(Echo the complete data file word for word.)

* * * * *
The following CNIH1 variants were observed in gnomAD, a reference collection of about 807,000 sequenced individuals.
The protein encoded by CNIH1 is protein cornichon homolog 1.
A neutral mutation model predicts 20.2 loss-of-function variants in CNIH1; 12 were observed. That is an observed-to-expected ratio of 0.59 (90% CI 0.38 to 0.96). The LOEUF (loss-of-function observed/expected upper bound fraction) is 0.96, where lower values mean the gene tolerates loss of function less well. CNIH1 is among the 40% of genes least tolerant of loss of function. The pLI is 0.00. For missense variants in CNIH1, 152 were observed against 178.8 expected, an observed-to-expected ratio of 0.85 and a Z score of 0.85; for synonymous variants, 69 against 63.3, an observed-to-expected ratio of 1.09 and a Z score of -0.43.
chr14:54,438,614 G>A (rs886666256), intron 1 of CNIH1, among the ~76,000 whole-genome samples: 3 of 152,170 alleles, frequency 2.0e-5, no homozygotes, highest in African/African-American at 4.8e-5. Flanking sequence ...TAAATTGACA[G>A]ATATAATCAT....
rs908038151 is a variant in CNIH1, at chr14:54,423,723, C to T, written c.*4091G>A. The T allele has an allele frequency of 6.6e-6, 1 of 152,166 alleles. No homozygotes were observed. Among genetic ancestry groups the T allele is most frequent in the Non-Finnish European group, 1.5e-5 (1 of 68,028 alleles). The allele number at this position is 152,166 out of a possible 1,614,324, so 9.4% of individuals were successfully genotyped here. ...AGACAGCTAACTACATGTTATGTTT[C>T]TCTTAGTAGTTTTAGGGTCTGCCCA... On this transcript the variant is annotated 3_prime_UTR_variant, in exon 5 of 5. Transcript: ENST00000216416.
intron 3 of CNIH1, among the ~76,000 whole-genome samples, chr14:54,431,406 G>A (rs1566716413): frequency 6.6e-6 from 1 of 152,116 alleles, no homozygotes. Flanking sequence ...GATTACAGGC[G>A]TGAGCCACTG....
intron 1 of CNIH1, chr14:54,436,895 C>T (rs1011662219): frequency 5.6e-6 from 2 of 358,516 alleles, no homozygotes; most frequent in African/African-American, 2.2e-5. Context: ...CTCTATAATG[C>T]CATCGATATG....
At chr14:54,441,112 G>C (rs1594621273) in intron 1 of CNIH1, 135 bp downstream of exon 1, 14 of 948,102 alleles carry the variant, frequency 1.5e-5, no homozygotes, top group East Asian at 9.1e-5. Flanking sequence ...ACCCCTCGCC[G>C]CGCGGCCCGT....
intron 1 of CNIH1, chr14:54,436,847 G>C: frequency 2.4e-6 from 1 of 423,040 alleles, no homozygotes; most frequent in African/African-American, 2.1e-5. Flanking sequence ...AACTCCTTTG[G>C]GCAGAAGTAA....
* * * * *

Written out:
The following CNIH1 variants were observed in gnomAD, a reference collection of about 807,000 sequenced individuals.
The protein encoded by CNIH1 is protein cornichon homolog 1.
A neutral mutation model predicts 20.2 loss-of-function variants in CNIH1; 12 were observed. That is an observed-to-expected ratio of 0.59 (90% CI 0.38 to 0.96). The LOEUF (loss-of-function observed/expected upper bound fraction) is 0.96, where lower values mean the gene tolerates loss of function less well. CNIH1 is among the 40% of genes least tolerant of loss of function. The pLI is 0.00. For missense variants in CNIH1, 152 were observed against 178.8 expected, an observed-to-expected ratio of 0.85 and a Z score of 0.85; for synonymous variants, 69 against 63.3, an observed-to-expected ratio of 1.09 and a Z score of -0.43.
chr14:54,438,614 G>A (rs886666256), intron 1 of CNIH1, among the ~76,000 whole-genome samples: 3 of 152,170 alleles, frequency 2.0e-5, no homozygotes, highest in African/African-American at 4.8e-5. Flanking sequence ...TAAATTGACA[G>A]ATATAATCAT....
rs908038151 is a variant in CNIH1, at chr14:54,423,723, C to T, written c.*4091G>A. The T allele has an allele frequency of 6.6e-6, 1 of 152,166 alleles. No homozygotes were observed. Among genetic ancestry groups the T allele is most frequent in the Non-Finnish European group, 1.5e-5 (1 of 68,028 alleles). The allele number at this position is 152,166 out of a possible 1,614,324, so 9.4% of individuals were successfully genotyped here. ...AGACAGCTAACTACATGTTATGTTT[C>T]TCTTAGTAGTTTTAGGGTCTGCCCA... On this transcript the variant is annotated 3_prime_UTR_variant, in exon 5 of 5. Transcript: ENST00000216416.
intron 3 of CNIH1, among the ~76,000 whole-genome samples, chr14:54,431,406 G>A (rs1566716413): frequency 6.6e-6 from 1 of 152,116 alleles, no homozygotes. Flanking sequence ...GATTACAGGC[G>A]TGAGCCACTG....
intron 1 of CNIH1, chr14:54,436,895 C>T (rs1011662219): frequency 5.6e-6 from 2 of 358,516 alleles, no homozygotes; most frequent in African/African-American, 2.2e-5. Context: ...CTCTATAATG[C>T]CATCGATATG....
At chr14:54,441,112 G>C (rs1594621273) in intron 1 of CNIH1, 135 bp downstream of exon 1, 14 of 948,102 alleles carry the variant, frequency 1.5e-5, no homozygotes, top group East Asian at 9.1e-5. Flanking sequence ...ACCCCTCGCC[G>C]CGCGGCCCGT....
intron 1 of CNIH1, chr14:54,436,847 G>C: frequency 2.4e-6 from 1 of 423,040 alleles, no homozygotes; most frequent in African/African-American, 2.1e-5. Flanking sequence ...AACTCCTTTG[G>C]GCAGAAGTAA....